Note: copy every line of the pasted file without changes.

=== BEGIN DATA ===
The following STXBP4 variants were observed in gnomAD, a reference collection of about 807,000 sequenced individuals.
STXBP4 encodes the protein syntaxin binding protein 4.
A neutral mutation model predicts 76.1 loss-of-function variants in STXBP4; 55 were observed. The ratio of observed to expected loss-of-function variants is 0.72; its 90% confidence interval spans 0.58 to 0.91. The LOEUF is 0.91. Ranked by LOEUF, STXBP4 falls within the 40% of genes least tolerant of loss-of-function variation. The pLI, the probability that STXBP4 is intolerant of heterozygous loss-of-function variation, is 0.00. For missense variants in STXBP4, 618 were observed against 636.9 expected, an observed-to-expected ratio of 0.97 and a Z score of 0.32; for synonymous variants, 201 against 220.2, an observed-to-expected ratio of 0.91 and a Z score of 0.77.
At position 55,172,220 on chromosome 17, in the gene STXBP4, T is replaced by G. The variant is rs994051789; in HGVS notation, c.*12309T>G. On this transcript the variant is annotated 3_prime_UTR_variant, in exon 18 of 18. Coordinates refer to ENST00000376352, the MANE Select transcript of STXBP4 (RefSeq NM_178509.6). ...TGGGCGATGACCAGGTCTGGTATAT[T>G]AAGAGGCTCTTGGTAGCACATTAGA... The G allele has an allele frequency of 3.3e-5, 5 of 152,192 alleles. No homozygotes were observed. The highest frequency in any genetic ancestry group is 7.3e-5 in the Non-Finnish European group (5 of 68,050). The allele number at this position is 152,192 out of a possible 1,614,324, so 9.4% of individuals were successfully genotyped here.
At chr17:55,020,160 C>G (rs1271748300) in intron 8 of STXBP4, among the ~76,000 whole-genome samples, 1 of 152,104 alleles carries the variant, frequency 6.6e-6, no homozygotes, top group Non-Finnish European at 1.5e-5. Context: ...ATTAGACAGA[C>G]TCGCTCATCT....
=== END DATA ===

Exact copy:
The following STXBP4 variants were observed in gnomAD, a reference collection of about 807,000 sequenced individuals.
STXBP4 encodes the protein syntaxin binding protein 4.
A neutral mutation model predicts 76.1 loss-of-function variants in STXBP4; 55 were observed. The ratio of observed to expected loss-of-function variants is 0.72; its 90% confidence interval spans 0.58 to 0.91. The LOEUF is 0.91. Ranked by LOEUF, STXBP4 falls within the 40% of genes least tolerant of loss-of-function variation. The pLI, the probability that STXBP4 is intolerant of heterozygous loss-of-function variation, is 0.00. For missense variants in STXBP4, 618 were observed against 636.9 expected, an observed-to-expected ratio of 0.97 and a Z score of 0.32; for synonymous variants, 201 against 220.2, an observed-to-expected ratio of 0.91 and a Z score of 0.77.
At position 55,172,220 on chromosome 17, in the gene STXBP4, T is replaced by G. The variant is rs994051789; in HGVS notation, c.*12309T>G. On this transcript the variant is annotated 3_prime_UTR_variant, in exon 18 of 18. Coordinates refer to ENST00000376352, the MANE Select transcript of STXBP4 (RefSeq NM_178509.6). ...TGGGCGATGACCAGGTCTGGTATAT[T>G]AAGAGGCTCTTGGTAGCACATTAGA... The G allele has an allele frequency of 3.3e-5, 5 of 152,192 alleles. No homozygotes were observed. The highest frequency in any genetic ancestry group is 7.3e-5 in the Non-Finnish European group (5 of 68,050). The allele number at this position is 152,192 out of a possible 1,614,324, so 9.4% of individuals were successfully genotyped here.
At chr17:55,020,160 C>G (rs1271748300) in intron 8 of STXBP4, among the ~76,000 whole-genome samples, 1 of 152,104 alleles carries the variant, frequency 6.6e-6, no homozygotes, top group Non-Finnish European at 1.5e-5. Context: ...ATTAGACAGA[C>G]TCGCTCATCT....